CBS Radio has replaced its top guy in Los Angeles amid talk that the network is trying to find new ways to adapt to a changing market by working with newspapers and television.
Ed Krampf has left the job as vice president and market manager – the position that supervises operations of all seven of the company’s stations in Los Angeles – and will be replaced by Steve Carver, a radio veteran who also has significant newspaper and TV experience. This could point to a new direction for the company’s L.A. radio properties, which include top rated oldies station KRTH-FM (101.1) and pop station KAMP-FM (97.1), second and third place, respectively, in the latest Arbitron rankings.
“As we see convergence in the advertising world, Steve’s newspaper and television experience will be very helpful to our L.A. stations,” Dan Mason, chief executive of CBS Radio, said in an e-mail to the Business Journal.
Carver, who was a general manager for CBS stations in Philadelphia and Chicago in the 1990s, rejoined the company in 2009 to head station clusters first in Cleveland and then in West Palm Beach, Fla. But company execs had been eager to bring him to Los Angeles for a while.
“Steve is one of the most experienced broadcast executives in the company,” Mason said. “He was unavailable to us until early this year.”
Carver was not available to comment for this article.
After heading Tribune Co.-owned Chicago station WGN Radio in 2003, he became the general manager of WATL-TV in Atlanta. Then in 2006, he became publisher, president and chief executive of the Hartford Courant newspaper in Connecticut.
Tom Langmyer, a former colleague of Carver’s from his early CBS days and current head of Chicago’s WGN Radio, said Carver is a good match for a large cluster of radio stations in a big market like Los Angeles.
“Between having run major news, talk and music radio stations, a television station and a newspaper, he should do well,” Langmyer said. “Steve is a dynamic leader and has solid experience leading in a multimedia world.”
Carver is replacing Krampf, a longtime L.A. radio exec who held the position for a year and a half. A press release said Krampf is leaving CBS to pursue other opportunities. Krampf did not respond to a request for comment.
Michael Harrison, publisher of industry publication Talkers Magazine, said turnover is common in radio. But the change in leadership at CBS’ L.A. stations comes as the industry struggles to find a way out of a recession-plagued slump in advertising sales. Ad sales in the L.A. market decreased by 20 percent in 2009, compared with the previous year. Projections call for a 3 percent to 5 percent increase this year.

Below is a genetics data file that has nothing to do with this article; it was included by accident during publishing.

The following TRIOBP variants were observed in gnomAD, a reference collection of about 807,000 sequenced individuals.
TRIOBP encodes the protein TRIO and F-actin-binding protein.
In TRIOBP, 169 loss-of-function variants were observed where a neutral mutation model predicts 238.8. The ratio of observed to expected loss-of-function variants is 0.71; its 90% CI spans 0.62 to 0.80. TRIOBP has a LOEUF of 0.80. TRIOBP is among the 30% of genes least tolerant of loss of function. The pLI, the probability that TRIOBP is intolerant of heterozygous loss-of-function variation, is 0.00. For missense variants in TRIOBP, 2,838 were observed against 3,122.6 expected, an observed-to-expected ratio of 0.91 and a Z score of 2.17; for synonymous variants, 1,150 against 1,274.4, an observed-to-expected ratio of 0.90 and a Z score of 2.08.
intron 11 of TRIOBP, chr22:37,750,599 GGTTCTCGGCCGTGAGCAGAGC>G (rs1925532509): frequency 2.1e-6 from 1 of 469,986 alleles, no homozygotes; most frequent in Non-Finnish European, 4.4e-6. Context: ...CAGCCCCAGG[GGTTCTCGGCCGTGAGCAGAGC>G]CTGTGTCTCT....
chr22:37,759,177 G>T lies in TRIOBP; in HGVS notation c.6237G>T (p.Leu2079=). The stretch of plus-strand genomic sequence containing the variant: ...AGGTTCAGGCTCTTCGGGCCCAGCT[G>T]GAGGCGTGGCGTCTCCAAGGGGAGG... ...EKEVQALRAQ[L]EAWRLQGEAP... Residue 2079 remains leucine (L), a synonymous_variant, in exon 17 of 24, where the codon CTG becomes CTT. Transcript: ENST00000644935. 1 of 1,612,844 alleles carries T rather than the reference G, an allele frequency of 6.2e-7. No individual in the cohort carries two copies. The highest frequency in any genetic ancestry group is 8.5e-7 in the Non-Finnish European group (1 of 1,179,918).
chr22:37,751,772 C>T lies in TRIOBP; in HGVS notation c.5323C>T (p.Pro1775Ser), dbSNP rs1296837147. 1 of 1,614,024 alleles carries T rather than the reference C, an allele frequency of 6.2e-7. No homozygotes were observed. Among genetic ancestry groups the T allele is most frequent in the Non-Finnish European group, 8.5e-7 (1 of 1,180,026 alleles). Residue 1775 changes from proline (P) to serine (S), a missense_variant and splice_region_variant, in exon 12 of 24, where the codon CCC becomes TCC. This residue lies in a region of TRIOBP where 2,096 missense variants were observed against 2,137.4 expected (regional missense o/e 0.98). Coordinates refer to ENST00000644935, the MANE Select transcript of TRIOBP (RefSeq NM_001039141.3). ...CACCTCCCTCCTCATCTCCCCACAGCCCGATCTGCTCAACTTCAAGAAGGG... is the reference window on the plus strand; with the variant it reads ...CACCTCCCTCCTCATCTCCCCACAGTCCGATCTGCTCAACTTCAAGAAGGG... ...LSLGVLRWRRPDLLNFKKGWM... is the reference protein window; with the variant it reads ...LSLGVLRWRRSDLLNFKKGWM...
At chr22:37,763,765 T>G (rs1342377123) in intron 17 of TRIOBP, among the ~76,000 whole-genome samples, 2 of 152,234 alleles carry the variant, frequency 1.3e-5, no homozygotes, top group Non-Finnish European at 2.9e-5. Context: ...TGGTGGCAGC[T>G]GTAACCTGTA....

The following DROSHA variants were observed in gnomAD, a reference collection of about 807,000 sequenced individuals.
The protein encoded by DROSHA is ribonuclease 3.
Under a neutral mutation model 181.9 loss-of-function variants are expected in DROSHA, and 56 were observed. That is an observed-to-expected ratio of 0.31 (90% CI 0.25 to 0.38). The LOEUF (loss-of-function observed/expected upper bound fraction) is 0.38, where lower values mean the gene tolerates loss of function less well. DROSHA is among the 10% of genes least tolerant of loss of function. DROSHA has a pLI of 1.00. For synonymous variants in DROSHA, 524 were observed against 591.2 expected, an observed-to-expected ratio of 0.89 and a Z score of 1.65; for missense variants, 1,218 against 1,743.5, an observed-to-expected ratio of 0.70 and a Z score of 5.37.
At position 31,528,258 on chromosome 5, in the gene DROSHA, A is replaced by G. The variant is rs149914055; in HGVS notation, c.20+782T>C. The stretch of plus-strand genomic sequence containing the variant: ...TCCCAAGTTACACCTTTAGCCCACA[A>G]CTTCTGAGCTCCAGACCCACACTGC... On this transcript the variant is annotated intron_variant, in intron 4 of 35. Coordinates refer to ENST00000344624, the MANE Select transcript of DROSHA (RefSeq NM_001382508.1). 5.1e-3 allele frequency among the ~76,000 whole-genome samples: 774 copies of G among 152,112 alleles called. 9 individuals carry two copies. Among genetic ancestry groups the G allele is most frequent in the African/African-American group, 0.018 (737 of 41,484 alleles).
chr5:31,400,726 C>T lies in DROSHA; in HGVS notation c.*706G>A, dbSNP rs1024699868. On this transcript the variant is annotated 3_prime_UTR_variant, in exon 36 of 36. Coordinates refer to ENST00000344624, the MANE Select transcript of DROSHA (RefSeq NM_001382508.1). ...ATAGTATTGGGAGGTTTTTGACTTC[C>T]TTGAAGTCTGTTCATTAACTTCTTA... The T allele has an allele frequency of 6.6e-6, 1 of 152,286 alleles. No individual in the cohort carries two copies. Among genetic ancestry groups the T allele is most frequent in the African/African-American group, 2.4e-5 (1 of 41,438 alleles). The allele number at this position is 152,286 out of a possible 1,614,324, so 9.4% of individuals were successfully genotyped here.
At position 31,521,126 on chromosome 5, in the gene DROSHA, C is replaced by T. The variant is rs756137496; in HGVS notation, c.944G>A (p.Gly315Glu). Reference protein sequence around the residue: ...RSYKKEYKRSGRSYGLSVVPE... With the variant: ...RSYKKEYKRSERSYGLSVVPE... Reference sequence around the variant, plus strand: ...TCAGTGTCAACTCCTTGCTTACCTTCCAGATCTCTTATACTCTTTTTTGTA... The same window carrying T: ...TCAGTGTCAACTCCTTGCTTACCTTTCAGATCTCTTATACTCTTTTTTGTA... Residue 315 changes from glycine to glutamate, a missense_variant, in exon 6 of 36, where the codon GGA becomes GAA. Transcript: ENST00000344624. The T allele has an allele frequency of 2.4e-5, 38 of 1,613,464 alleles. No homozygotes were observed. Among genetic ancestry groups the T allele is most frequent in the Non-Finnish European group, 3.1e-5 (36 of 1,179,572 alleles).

Other CBS stations in the L.A. market are talk radio station KFWB-AM (980), news station KNX-AM (1070), adult contemporary station KTWV-FM (94.7), rock station KROQ-FM (106.7) and adult hits station KCBS-FM (93.1).
Ad sales for many of the CBS stations in Los Angeles have taken a hit over the years. Talk radio station KFWB brought in less than $14 million in revenue in 2009, down from $36 million in 2005, according to Chantilly, Va., media analysis firm BIA/Kelsey. News station KNX had revenue of $25.4 million in 2009, down from $40.4 million in 2005.
“Radio today is trying to figure things out,” Harrison said. “You can’t rely on the old model anymore.”
Before Krampf, the market manager job was a hot seat: Two people sat in it for only a few months.
Roy Laughlin, the brains behind the Wango Tango concert for Clear Channel’s KIIS-FM (102.7), took the job in September 2008, but three months later started sharing his role with Dan Weiner, former general manager of KTWV. Laughlin left in January 2009; Weiner only stayed another two months.
Their predecessors, Jeff Federman and Tim Pohlman, each lasted less than two years.
Carver is expected to move into CBS Radio’s L.A. office in a landmark skyscraper on Wilshire Boulevard on the Miracle Mile by mid-September.
The plummeting ad revenue doesn’t tell the whole story, however. Four of the CBS-owned stations are consistently in the top 10 of L.A. radio rankings. In July, KRTH held on to its second-place position with a 4.8 percent share of listeners, up from 4.6 in June, according to rankings from Arbitron Inc. KAMP came in behind KRTH with a 3.9 percent share, KTWV tied for seventh with 3.5 percent and KCBS came in ninth with 3.4 percent.
KRTH and KAMP have seen a significant rise in their rankings due to programming changes from new program director Jhani Kaye. But the future of KFWB, which reformatted from a news station to talk radio in 2009 to showcase a new contract with Dr. Laura Schlessinger, looks uncertain when the advice guru says goodbye to radio at the end of this year.
Mason has high hopes for the new market manager.
“L.A. is the largest CBS Radio market in terms of revenue,” he said. “It only makes sense to have one of our most experienced and seasoned executives leading the largest operation within the company.”
For reprint and licensing requests for this article, CLICK HERE.